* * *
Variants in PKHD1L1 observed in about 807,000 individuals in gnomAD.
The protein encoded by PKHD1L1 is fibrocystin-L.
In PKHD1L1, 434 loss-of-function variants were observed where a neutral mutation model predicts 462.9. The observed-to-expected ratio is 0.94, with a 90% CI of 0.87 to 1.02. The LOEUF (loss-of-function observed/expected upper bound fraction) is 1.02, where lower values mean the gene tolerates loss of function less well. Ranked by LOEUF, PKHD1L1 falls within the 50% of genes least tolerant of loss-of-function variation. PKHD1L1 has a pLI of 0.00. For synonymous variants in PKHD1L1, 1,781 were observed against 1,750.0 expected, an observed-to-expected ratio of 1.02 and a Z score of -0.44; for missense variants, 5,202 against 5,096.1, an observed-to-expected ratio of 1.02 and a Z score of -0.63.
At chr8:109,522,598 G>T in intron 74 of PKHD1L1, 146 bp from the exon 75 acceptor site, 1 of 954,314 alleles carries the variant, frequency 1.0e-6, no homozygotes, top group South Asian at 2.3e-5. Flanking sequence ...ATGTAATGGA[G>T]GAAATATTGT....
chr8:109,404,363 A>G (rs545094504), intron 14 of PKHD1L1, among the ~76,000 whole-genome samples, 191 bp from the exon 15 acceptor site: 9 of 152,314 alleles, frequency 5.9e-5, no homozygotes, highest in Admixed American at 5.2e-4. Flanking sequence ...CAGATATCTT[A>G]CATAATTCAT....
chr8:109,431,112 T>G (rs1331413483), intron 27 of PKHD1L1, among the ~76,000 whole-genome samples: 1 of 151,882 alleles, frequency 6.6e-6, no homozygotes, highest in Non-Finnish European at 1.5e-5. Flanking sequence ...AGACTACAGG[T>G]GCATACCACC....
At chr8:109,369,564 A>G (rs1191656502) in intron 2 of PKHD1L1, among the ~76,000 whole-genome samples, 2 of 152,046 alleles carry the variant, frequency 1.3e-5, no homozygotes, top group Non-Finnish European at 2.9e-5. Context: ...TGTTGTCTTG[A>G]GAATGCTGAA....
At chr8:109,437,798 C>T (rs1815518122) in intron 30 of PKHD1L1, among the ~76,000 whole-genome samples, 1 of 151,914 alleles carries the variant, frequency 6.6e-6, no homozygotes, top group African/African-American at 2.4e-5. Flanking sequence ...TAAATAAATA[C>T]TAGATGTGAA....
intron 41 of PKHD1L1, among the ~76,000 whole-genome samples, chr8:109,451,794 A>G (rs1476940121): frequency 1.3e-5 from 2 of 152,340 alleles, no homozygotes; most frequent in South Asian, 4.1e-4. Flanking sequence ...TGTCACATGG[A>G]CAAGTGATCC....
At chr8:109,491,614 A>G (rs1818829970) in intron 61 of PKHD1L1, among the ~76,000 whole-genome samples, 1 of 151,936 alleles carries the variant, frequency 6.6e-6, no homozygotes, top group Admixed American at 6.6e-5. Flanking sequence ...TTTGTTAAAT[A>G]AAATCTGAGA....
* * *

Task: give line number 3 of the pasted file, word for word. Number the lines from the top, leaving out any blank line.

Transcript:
In PKHD1L1, 434 loss-of-function variants were observed where a neutral mutation model predicts 462.9. The observed-to-expected ratio is 0.94, with a 90% CI of 0.87 to 1.02. The LOEUF (loss-of-function observed/expected upper bound fraction) is 1.02, where lower values mean the gene tolerates loss of function less well. Ranked by LOEUF, PKHD1L1 falls within the 50% of genes least tolerant of loss-of-function variation. PKHD1L1 has a pLI of 0.00. For synonymous variants in PKHD1L1, 1,781 were observed against 1,750.0 expected, an observed-to-expected ratio of 1.02 and a Z score of -0.44; for missense variants, 5,202 against 5,096.1, an observed-to-expected ratio of 1.02 and a Z score of -0.63.